The most important factor that determines the service life of the mold is often the wear resistance of the mold material. The mold is subjected to considerable compressive stress and friction during work, requiring the mold to maintain its dimensional accuracy under intense friction. The wear of the mold is mainly three types of mechanical wear, oxidative wear and melt wear. In order to improve the wear resistance of the mold steel, it is necessary to maintain the mold steel with high hardness, and to ensure that the composition, morphology and distribution of carbides or other hardened phases in the steel are relatively reasonable. For molds in service under heavy load and high-speed wear conditions, it is required that a thin and dense oxide film can be formed on the surface of the mold steel to maintain lubricating effect and reduce the occurrence of melt wear between the mold and the workpiece. It can reduce the oxidation wear caused by the oxidation of the mold surface. Therefore, the working conditions of the mold have a greater impact on the wear of the steel.
The abrasion resistance can be measured by a simulated test method, and the relative abrasion index can be measured as a parameter to characterize the abrasion resistance level under different chemical compositions and tissue states. To show the life before the specified burr height, reflect the wear resistance level of various steel types; the test is based on Cr12MoV steel for comparison.
4. Resistance to thermal fatigue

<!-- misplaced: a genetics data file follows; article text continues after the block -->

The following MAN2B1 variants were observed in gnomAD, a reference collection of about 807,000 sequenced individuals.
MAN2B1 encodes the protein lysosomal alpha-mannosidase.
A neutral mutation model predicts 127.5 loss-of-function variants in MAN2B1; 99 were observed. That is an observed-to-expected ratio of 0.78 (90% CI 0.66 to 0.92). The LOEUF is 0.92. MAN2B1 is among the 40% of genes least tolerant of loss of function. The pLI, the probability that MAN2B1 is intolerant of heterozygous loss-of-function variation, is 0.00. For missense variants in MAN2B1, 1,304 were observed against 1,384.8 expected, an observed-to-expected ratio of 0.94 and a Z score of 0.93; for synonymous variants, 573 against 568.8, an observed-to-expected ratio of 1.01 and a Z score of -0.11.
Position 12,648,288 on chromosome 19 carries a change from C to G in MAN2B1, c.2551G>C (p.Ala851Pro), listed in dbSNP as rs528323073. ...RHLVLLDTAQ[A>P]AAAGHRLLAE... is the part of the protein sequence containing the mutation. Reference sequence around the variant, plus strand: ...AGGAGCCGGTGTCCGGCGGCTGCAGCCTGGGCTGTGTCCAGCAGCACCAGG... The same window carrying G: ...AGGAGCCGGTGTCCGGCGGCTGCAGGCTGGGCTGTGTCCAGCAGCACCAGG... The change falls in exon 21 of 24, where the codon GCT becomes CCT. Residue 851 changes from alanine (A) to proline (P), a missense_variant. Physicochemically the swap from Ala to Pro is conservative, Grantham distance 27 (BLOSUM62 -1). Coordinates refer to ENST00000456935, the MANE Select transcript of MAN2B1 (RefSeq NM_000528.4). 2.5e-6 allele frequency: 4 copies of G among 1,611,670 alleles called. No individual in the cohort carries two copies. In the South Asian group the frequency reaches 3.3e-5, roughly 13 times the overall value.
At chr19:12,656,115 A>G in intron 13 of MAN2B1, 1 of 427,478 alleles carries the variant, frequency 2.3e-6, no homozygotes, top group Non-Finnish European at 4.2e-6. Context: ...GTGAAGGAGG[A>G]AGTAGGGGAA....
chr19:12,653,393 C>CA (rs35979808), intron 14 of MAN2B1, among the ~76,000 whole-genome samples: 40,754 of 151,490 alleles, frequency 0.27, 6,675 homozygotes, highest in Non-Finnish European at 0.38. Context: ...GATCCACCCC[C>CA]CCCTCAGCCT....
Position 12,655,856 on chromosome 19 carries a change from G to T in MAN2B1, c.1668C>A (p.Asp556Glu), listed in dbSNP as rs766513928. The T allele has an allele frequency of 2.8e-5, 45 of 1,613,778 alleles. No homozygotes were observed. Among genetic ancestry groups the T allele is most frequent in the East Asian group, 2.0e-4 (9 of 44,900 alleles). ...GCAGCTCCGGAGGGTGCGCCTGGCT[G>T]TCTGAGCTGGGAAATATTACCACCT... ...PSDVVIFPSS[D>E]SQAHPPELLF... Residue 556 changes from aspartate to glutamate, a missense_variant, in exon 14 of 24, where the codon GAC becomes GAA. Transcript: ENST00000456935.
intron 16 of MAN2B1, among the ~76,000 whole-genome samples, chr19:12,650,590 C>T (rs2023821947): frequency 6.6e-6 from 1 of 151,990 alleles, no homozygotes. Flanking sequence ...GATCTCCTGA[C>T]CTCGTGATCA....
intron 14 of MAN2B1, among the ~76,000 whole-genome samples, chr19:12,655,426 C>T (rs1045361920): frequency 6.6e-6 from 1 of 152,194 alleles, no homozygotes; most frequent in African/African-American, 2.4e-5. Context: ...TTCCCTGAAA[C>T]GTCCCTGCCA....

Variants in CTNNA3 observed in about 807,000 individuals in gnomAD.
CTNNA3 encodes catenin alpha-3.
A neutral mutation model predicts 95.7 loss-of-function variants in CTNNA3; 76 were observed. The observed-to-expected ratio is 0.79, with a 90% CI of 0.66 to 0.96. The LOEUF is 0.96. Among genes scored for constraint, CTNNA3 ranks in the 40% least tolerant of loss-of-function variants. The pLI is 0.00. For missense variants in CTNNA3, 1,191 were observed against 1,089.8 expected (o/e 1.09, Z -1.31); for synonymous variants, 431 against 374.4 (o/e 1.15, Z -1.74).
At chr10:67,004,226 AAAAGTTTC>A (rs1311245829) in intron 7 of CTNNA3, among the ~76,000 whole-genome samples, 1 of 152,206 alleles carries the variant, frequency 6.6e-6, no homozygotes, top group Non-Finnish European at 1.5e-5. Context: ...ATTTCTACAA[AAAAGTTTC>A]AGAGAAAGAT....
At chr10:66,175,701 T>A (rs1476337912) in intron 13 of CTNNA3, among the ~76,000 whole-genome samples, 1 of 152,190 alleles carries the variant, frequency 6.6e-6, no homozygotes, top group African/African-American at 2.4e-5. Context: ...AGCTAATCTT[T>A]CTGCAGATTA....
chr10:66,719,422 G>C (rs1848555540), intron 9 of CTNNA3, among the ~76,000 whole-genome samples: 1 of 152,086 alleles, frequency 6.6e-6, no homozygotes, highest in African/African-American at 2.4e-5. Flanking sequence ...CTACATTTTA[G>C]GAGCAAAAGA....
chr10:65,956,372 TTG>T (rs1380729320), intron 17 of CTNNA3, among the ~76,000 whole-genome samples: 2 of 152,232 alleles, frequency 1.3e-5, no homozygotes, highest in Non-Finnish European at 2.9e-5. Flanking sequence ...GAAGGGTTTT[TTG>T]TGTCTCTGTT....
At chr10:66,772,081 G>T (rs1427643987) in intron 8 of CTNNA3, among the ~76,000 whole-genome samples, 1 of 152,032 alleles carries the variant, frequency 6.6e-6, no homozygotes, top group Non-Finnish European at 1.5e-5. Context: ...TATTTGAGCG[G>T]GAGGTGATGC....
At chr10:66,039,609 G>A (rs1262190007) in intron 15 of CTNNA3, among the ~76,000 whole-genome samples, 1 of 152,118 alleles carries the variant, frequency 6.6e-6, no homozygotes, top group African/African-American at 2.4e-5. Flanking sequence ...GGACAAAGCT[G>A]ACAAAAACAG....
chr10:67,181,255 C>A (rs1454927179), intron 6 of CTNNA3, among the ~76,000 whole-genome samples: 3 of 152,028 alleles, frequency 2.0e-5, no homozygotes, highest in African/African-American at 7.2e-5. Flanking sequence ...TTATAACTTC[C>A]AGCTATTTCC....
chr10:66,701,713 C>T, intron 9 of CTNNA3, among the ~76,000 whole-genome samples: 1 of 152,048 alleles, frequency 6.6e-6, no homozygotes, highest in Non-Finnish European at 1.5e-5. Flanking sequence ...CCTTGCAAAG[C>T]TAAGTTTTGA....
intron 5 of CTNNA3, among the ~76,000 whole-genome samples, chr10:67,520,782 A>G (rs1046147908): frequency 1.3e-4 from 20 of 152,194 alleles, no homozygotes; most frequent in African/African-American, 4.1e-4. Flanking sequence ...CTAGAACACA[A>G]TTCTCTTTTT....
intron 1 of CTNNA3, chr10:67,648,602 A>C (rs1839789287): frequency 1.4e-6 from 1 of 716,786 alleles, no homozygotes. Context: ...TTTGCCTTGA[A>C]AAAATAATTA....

In addition to the periodic changes of load under service conditions, hot work die steel is also subjected to high temperature and periodic quenching and heating. Therefore, the evaluation of the fracture resistance of hot work die steel should pay attention to the thermomechanical fatigue fracture performance of the material . Thermomechanical fatigue is an index of comprehensive performance, which includes thermal fatigue performance, mechanical fatigue crack growth rate and fracture toughness.
Thermal fatigue performance reflects the working life of the material before thermal fatigue crack initiation. For materials with high thermal fatigue resistance, the number of thermal cycles in which thermal fatigue crack initiation is more; mechanical fatigue crack growth rate reflects the material after thermal fatigue crack initiation. The expansion of each stress cycle when the crack propagates inward under the effect of pressure; the fracture toughness reflects the resistance of the material to the instability of the existing crack. For materials with high fracture toughness, if the cracks are to propagate instability, they must have a sufficiently high stress intensity factor at the crack tip, that is, they must have a large crack length. Under the premise of constant stress, a fatigue crack already exists in a mold. If the fracture toughness value of the mold material is high, the crack must propagate deeper before the instability can occur.
That is to say, the thermal fatigue resistance determines the part of life before fatigue crack initiation; and the crack growth rate and fracture toughness can determine the part of life that occurs when the crack initiates subcritical expansion. Therefore, in order to obtain a long life for a hot work die, the die material should have high thermal fatigue resistance, low crack growth rate and high fracture toughness value.
The index of thermal fatigue resistance can be measured by the number of thermal cycles that spawn thermal fatigue cracks, or by the number of fatigue cracks and the average depth or length after a certain thermal cycle.
5. Bite resistance
The bite resistance is actually the resistance when "cold welding" occurs. This property is more important for mold materials. During the test, under dry friction conditions, the tool steel sample to be tested and the material with a tendency to bite (such as austenitic steel) are subjected to a constant speed dual friction movement, and the load is gradually increased at a certain speed. The moment also increases accordingly. This load is called the "critical bite load." The higher the critical load, the stronger the bite resistance.